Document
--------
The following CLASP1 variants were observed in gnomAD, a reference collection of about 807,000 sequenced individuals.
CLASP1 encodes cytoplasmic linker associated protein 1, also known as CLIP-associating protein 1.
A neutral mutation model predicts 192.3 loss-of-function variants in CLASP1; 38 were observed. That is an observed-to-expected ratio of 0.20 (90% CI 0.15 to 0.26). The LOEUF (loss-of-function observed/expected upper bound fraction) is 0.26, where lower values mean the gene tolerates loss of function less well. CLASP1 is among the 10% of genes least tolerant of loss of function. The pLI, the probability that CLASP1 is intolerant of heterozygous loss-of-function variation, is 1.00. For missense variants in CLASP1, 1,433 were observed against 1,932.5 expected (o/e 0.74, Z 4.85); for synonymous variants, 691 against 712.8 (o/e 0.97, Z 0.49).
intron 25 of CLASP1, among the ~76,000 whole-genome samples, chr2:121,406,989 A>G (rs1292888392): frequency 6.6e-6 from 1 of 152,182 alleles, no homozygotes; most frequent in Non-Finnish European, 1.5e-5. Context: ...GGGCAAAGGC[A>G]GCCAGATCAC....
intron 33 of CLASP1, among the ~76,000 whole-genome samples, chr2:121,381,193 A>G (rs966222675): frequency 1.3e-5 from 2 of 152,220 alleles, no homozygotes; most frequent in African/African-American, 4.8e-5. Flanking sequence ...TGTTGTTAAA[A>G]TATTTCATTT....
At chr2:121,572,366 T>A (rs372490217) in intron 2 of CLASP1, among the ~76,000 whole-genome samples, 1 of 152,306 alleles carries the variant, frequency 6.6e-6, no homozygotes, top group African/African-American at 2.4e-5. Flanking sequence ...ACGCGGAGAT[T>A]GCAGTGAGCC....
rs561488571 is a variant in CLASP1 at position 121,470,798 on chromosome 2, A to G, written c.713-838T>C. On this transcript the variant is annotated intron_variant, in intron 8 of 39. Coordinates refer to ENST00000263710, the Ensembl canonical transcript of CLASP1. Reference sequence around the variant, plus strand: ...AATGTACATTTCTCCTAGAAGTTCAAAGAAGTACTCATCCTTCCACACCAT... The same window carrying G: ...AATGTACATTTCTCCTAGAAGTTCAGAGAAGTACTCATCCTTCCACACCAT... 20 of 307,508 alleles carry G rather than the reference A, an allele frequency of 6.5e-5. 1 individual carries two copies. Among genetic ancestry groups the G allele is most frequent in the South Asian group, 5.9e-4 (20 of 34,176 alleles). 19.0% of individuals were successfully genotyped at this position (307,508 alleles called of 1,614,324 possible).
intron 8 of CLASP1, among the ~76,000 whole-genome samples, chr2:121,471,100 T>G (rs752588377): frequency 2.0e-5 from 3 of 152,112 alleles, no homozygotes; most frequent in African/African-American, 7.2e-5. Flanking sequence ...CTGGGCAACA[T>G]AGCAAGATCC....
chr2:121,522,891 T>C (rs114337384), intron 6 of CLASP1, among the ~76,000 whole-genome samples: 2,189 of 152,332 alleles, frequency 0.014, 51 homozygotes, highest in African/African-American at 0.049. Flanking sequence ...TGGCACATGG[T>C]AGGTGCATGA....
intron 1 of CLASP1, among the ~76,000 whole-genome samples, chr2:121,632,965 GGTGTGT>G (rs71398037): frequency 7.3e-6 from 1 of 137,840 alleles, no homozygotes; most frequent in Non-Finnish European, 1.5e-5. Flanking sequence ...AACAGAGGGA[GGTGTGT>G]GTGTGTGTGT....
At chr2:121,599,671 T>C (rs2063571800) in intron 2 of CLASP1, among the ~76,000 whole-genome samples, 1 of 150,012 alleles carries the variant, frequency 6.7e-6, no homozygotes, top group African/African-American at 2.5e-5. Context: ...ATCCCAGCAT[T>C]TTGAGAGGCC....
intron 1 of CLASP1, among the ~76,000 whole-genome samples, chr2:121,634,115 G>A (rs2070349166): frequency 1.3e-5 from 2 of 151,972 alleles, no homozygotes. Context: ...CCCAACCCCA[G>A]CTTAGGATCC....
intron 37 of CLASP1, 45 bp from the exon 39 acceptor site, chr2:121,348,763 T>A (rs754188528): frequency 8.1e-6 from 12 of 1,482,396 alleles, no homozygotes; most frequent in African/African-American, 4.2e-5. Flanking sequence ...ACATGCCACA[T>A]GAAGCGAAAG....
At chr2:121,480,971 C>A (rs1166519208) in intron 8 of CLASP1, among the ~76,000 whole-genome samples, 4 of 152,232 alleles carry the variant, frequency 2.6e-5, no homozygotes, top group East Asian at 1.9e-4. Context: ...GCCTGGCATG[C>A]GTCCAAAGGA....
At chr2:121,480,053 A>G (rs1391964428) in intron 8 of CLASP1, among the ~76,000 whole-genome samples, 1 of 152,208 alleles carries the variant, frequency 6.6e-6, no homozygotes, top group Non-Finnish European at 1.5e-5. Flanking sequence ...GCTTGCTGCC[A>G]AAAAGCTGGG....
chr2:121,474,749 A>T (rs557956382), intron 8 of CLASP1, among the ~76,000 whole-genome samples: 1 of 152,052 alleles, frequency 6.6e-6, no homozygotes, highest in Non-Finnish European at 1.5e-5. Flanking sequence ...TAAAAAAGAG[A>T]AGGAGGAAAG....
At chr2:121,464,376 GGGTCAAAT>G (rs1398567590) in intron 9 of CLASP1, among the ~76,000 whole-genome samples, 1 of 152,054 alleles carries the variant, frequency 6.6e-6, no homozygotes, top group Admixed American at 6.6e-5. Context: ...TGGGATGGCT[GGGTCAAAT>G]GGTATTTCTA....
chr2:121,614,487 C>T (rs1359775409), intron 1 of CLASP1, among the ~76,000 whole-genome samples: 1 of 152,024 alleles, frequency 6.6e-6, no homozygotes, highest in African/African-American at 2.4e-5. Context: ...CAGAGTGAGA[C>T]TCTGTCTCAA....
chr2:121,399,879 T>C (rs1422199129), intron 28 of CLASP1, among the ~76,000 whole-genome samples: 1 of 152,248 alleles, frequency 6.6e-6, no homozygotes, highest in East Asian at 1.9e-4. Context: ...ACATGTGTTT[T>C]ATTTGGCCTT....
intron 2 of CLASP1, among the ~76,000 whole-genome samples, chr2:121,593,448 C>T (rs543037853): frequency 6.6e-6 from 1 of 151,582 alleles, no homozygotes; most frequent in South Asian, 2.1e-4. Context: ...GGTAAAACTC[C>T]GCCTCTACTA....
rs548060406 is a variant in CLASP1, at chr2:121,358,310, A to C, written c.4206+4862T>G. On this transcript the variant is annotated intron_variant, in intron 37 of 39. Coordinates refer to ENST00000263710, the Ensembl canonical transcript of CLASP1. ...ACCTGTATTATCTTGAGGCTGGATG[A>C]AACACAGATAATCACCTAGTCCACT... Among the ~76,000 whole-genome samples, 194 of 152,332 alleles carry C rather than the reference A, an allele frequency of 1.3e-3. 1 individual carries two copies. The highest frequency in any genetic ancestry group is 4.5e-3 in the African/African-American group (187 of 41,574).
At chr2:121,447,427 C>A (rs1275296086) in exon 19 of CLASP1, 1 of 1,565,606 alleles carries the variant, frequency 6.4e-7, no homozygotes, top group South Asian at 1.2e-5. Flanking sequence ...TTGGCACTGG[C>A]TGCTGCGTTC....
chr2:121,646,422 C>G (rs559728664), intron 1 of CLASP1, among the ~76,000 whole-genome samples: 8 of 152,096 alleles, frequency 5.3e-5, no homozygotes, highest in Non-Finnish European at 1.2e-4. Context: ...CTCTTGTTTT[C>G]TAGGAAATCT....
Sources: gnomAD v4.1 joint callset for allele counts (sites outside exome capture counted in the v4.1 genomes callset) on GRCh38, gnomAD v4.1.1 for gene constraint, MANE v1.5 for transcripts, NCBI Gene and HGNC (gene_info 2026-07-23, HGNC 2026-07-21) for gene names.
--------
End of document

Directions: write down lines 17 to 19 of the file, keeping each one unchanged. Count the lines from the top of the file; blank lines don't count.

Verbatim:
At chr2:121,464,376 GGGTCAAAT>G (rs1398567590) in intron 9 of CLASP1, among the ~76,000 whole-genome samples, 1 of 152,054 alleles carries the variant, frequency 6.6e-6, no homozygotes, top group Admixed American at 6.6e-5. Context: ...TGGGATGGCT[GGGTCAAAT>G]GGTATTTCTA....
chr2:121,614,487 C>T (rs1359775409), intron 1 of CLASP1, among the ~76,000 whole-genome samples: 1 of 152,024 alleles, frequency 6.6e-6, no homozygotes, highest in African/African-American at 2.4e-5. Context: ...CAGAGTGAGA[C>T]TCTGTCTCAA....
chr2:121,399,879 T>C (rs1422199129), intron 28 of CLASP1, among the ~76,000 whole-genome samples: 1 of 152,248 alleles, frequency 6.6e-6, no homozygotes, highest in East Asian at 1.9e-4. Context: ...ACATGTGTTT[T>C]ATTTGGCCTT....